As former President Trump faces his second special counsel investigation in six years, some legal experts are encouraging the Justice Department to be more vocal in addressing the inevitable attacks and misinformation about the high stakes probe.
The appointment of Jack Smith to oversee dual Justice Department investigations into the mishandling of records at Mar-a-Lago and efforts to block the 2020 transition of power comes as the public holds fresh memories of the attacks on special counsel Robert Mueller as he investigated Trump's ties to Russia.
Special counsels are thrust into the public spotlight, but most work within the confines of an agency that largely restricts its employees to speaking through court filings.
It's a dynamic that worries some, who see the days of reverence for special counsels with even the most venerable reputations as long gone.
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"One lesson from the Mueller investigation is that the traditional Justice Department mantra - 'We try our cases in court' - can be taken too literally, with devastating consequences," Andrew Weissmann, one of the prosecutors on the Mueller team, wrote in an op-ed in The New York Times.
"But the mantra does not mean letting only one side shape a narrative and leaving the public with an abundance of unanswered questions," he added.
Not all special counsels have been so mum, with Kenneth Starr facing blowback for offering many an update over his years-long investigations into President Clinton.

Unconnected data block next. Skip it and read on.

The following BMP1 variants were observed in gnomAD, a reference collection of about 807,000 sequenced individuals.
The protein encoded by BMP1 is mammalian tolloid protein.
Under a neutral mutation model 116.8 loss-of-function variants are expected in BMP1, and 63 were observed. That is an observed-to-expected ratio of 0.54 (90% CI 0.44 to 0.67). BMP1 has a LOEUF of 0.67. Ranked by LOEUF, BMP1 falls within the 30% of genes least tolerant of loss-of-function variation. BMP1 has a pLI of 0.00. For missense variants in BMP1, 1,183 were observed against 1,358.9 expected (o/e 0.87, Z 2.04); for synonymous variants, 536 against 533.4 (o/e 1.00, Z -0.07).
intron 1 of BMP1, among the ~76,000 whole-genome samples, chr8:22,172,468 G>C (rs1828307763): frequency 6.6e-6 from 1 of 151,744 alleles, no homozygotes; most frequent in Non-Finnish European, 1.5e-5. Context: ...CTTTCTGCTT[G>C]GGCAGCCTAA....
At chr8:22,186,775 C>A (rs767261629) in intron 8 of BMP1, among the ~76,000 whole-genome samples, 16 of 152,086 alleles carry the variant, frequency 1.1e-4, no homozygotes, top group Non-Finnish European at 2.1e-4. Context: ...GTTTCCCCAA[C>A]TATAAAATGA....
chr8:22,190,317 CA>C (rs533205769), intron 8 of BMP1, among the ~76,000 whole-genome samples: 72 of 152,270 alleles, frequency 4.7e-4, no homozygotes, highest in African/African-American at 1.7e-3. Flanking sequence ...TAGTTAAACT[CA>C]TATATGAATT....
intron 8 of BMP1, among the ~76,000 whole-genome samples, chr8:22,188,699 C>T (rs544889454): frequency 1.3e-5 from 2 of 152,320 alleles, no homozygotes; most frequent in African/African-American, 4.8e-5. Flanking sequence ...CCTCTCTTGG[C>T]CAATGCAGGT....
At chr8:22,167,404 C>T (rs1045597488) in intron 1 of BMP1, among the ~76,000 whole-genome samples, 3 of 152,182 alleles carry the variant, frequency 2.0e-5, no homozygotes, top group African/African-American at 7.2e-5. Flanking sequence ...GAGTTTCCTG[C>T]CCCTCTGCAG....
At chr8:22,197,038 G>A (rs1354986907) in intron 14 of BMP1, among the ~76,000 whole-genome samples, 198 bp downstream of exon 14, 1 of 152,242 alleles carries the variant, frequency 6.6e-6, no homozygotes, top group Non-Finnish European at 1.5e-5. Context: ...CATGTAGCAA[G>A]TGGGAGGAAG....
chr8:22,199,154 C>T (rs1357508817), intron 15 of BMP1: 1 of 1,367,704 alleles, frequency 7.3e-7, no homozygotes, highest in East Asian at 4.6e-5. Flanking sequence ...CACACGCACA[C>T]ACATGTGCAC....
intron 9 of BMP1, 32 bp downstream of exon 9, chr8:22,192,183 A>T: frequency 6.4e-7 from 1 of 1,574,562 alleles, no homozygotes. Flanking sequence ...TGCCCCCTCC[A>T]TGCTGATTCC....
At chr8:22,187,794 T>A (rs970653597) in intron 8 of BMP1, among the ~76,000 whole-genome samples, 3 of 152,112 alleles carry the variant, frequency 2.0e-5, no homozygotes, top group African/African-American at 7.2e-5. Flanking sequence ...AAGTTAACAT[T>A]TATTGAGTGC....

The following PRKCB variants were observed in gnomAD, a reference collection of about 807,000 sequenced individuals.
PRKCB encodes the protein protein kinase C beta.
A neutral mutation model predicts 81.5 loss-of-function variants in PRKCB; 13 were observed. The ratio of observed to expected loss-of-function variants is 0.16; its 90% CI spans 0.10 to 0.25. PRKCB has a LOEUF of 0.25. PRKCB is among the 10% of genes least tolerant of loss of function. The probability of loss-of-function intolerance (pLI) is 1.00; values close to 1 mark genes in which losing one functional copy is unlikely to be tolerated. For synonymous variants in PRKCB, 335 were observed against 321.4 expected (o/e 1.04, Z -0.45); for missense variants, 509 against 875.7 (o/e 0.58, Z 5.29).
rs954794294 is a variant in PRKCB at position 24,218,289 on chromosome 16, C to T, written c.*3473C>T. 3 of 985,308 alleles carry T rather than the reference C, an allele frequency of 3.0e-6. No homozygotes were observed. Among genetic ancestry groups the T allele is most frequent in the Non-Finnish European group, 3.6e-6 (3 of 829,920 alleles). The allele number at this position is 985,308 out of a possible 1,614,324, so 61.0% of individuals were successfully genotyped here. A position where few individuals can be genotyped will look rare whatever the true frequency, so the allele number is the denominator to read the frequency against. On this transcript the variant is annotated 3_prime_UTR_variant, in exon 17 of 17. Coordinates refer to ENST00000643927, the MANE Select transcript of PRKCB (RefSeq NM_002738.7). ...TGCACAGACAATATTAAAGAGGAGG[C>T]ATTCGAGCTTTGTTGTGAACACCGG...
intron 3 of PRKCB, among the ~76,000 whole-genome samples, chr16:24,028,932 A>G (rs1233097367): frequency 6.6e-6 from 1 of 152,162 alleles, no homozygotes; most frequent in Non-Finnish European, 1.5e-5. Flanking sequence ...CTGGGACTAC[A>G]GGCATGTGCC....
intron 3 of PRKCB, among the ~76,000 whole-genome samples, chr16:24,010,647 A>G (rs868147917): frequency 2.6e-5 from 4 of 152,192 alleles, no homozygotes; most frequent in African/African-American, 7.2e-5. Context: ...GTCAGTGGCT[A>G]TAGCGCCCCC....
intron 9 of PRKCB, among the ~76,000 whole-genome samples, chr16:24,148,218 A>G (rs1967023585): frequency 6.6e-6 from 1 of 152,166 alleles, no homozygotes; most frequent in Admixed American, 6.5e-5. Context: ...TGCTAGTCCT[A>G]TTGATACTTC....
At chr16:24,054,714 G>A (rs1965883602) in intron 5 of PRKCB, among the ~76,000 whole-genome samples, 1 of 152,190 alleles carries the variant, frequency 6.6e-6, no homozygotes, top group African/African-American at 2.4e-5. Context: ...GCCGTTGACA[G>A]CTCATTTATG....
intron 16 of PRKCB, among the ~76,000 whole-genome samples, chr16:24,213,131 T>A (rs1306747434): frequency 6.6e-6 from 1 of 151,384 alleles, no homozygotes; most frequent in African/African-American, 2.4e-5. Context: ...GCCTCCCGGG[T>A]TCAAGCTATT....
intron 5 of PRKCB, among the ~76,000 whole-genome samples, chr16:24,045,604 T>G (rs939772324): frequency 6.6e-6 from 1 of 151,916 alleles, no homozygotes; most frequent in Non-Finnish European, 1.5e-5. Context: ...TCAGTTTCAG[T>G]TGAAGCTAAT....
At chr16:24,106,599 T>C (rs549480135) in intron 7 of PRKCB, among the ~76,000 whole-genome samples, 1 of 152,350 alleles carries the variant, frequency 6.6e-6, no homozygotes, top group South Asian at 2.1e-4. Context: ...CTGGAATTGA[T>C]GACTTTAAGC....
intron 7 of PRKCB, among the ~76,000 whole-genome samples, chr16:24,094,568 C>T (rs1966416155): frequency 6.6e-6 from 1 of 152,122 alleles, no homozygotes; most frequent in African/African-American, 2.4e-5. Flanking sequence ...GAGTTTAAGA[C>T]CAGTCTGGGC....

"There is surely a middle ground," Weissmann urged.
Trump frequently railed against the Mueller investigation, which was launched after Trump fired then-FBI Director James Comey, who had been overseeing an investigation into Russia's involvement in the 2016 presidential election.
On Twitter, Trump repeatedly complained about "the Russia hoax," and "disgraced and discredited Bob Mueller." He would go on to call Mueller "highly conflicted," while the probe, like other inquiries, was often cast as a witch hunt.
"Robert Mueller had such a sterling reputation in the legal community. And yet that wasn't enough to prevent people from making all kinds of wild allegations about his movies," Barbara McQuade, a former U.S. attorney, told The Hill.
But adhering to Justice Department tradition and largely staying quiet about the case "allowed [then Attorney General] William Barr and Donald Trump to distort the findings of Robert Muller," she said.
"Because Robert Mueller was so wedded to the rules and didn't speak out loud, I think it was in effective disservice to the American people. I think his intentions were good. But I think that he came up during a time when people in public life acted in good faith. And now we find ourselves in a time when people are willing to twist the facts to suit their purposes. And so the way to combat that tendency is with facts and education," McQuade added.
Mueller concluded his investigation in March of 2019, but the public heard little from the special counsel until May, telling reporters, "The report is my testimony."
He would later appear before Congress, but by that point Barr had already characterized Mueller's findings in a May letter to lawmakers that diminished report findings critical of Trump's behavior.
It was a letter, it was later revealed, that Mueller took issue with; he said it "did not fully capture the context, nature, and substance of this office's work and conclusions."
Both McQuade and Weissmann cautioned that any public statements would need to be carefully tailored to avoid any complications for the investigations.
But Weissman wrote that he sees a role for providing "public enlightenment."